Massless particle has substance after all

Neutrinos -- a supposedly massless kind of particle originally invented to help nuclear physicists balance their accounts -- now appears to be an important part of the mass of the universe.

If this prelimary discovery is confirmed, it could have significant, although not revolutionary, effects on theories in particle physics, astrophysics, and cosmology.

Among other things, it might resolve the question of whether the universe will expand forever or will ultimately halt its expansion and begin to collapse upon itself. Right now, astronomers cannot identify enough mass in the universe to provide the gravitational force needed to reverse the expansion. Neutrinos are believed to be one of the more abundant types of particle in the cosmos. The new findings suggest they could supply the "missing mass," as cosmologists call it, needed to "close" the universe.

Neutrinos first appeares on the particle scene as a "fudge factor" in physicists' calculations. In certain types of radioactive nuclear decay, small amounts of momentum and energy seemed to disappear.This would violate laws of conservation of energy and momemtum. So in 1931, physicist Wolfgang Pauli suggested that an unknown particle formed in the decay process carries away the missing momentum and energy. It would have no measureable mass when at rest, no electric charge, and negligible magnetic properties. Three years later, Enrino Fermi elaborated the concept and the neutrino (little neutral one) was born as a useful theoretical entity.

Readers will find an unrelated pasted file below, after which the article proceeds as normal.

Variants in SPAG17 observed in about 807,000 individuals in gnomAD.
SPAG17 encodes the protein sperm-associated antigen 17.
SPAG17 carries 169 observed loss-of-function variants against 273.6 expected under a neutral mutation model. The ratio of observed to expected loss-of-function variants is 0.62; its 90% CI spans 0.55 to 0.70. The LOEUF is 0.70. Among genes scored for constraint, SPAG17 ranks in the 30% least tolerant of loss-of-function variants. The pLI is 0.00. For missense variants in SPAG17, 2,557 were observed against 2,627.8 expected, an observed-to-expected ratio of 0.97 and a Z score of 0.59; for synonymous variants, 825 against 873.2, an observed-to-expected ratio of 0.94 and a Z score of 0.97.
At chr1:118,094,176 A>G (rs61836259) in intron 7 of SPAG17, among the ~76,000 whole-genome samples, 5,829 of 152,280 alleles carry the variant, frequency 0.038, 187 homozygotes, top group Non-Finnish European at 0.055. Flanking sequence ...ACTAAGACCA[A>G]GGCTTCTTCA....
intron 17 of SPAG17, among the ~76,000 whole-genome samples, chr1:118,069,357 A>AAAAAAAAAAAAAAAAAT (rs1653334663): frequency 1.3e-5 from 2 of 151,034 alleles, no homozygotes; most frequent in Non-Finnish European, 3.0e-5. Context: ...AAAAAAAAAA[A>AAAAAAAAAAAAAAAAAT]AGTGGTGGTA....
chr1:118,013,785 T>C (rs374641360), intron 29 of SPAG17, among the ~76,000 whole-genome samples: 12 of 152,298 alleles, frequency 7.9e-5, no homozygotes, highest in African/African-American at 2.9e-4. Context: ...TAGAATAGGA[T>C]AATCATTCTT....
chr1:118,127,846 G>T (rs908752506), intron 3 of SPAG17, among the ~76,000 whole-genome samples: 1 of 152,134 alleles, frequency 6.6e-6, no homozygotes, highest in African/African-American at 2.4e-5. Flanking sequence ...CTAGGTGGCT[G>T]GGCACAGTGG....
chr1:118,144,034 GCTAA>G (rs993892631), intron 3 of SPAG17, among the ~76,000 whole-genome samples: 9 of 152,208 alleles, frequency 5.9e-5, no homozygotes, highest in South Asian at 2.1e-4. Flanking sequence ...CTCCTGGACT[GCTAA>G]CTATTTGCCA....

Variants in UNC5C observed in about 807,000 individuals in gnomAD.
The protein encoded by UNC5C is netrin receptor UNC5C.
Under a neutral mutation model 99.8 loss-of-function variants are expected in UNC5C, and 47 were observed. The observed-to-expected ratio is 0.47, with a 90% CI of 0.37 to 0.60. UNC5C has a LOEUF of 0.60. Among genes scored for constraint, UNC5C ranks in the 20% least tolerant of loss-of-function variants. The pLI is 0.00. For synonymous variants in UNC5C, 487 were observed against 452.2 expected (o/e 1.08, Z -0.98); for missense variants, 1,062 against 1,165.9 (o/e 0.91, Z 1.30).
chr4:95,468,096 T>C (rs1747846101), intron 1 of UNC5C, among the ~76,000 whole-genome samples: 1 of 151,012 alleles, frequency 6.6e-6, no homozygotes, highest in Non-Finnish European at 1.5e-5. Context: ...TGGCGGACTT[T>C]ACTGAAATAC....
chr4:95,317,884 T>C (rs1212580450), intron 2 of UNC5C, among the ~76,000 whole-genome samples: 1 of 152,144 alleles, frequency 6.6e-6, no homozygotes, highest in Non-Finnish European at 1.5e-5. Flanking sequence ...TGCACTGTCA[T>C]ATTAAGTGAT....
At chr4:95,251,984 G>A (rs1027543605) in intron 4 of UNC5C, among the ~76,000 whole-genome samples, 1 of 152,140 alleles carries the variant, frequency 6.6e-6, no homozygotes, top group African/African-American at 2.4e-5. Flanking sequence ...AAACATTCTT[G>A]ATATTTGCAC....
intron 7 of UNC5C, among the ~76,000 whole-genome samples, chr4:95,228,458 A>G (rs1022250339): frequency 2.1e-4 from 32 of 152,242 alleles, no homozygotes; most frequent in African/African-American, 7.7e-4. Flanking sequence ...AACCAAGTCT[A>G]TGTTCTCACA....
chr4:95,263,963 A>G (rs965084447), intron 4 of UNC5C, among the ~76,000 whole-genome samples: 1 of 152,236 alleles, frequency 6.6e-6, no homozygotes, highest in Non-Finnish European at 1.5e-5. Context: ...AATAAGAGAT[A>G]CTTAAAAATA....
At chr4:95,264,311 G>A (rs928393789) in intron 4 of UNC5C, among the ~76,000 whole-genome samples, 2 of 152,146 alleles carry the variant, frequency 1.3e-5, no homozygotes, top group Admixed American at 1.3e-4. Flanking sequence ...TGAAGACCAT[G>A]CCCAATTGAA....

However, neutrinos would interact only weakly with matter. They could zip through the Earth as though it were not there. It was hard to prove they actually do exist. But in 1955, Frederick Reines and the late Clyde Cowan demonstrate the reverse of the process that produces neutrinos -- an interaction involving the absorption of neutrinos -- thus showing the particles to be real. Since then, physicists have found that neutrinos come in several different varieties depending on the processes in which they are involved.

Now Reines and his colleagues Henry Sobel and elaine Pasierb at the University of California's Irvine campus have evidence suggesting that the "little neutral one" has a small rest mass after all. This is an indirect conclusion. Their evidence suggests that neutrinos can change type, oscillating between one form of neutrino and another. Theoretically, they can only do this if they have some rest mass.

The experiment is not clear-cut and needs confirmation. A different type of experiment involving possible neutrino oscillation at the Institut Laue-Langevin in Grenoble, France, has so far found no sign of any identity changes. On the other hand, unconfirmed reports from the Soviet Union tell of experiments at the Institute of Theoretical and Experimental Physics in Moscow in which neutrino masses on the order of 12 to 40 electron volts have been measured -- roughly 43, 000 to 13,000 times less than the mass of an electron (511,000 eV).

With this much uncertainty, physicists will wait for more solid evidence before committing themselves to redoing particle theory or cosmology. But it may be that a particle once invented as a theoretical convenience will turn out be a major component of the universe.

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